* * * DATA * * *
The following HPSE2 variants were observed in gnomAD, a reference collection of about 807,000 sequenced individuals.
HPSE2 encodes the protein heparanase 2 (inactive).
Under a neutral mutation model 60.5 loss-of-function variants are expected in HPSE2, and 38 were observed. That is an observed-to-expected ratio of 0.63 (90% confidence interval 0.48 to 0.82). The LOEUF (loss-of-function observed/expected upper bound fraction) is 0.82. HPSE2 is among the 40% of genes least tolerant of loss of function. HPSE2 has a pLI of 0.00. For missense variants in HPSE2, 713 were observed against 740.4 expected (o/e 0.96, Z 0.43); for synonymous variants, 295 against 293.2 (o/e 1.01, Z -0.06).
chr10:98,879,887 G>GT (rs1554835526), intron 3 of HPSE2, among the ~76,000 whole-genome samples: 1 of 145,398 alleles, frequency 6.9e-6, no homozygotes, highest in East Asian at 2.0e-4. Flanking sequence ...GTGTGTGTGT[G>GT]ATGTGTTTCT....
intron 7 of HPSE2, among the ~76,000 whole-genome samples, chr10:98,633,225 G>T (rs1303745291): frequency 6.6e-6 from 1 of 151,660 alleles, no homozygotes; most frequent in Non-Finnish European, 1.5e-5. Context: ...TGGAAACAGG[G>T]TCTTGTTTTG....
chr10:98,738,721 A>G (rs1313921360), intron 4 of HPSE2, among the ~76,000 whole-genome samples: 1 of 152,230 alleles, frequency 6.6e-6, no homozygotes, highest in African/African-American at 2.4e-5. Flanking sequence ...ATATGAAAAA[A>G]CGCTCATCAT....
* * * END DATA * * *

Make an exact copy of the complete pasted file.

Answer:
The following HPSE2 variants were observed in gnomAD, a reference collection of about 807,000 sequenced individuals.
HPSE2 encodes the protein heparanase 2 (inactive).
Under a neutral mutation model 60.5 loss-of-function variants are expected in HPSE2, and 38 were observed. That is an observed-to-expected ratio of 0.63 (90% confidence interval 0.48 to 0.82). The LOEUF (loss-of-function observed/expected upper bound fraction) is 0.82. HPSE2 is among the 40% of genes least tolerant of loss of function. HPSE2 has a pLI of 0.00. For missense variants in HPSE2, 713 were observed against 740.4 expected (o/e 0.96, Z 0.43); for synonymous variants, 295 against 293.2 (o/e 1.01, Z -0.06).
chr10:98,879,887 G>GT (rs1554835526), intron 3 of HPSE2, among the ~76,000 whole-genome samples: 1 of 145,398 alleles, frequency 6.9e-6, no homozygotes, highest in East Asian at 2.0e-4. Flanking sequence ...GTGTGTGTGT[G>GT]ATGTGTTTCT....
intron 7 of HPSE2, among the ~76,000 whole-genome samples, chr10:98,633,225 G>T (rs1303745291): frequency 6.6e-6 from 1 of 151,660 alleles, no homozygotes; most frequent in Non-Finnish European, 1.5e-5. Context: ...TGGAAACAGG[G>T]TCTTGTTTTG....
chr10:98,738,721 A>G (rs1313921360), intron 4 of HPSE2, among the ~76,000 whole-genome samples: 1 of 152,230 alleles, frequency 6.6e-6, no homozygotes, highest in African/African-American at 2.4e-5. Flanking sequence ...ATATGAAAAA[A>G]CGCTCATCAT....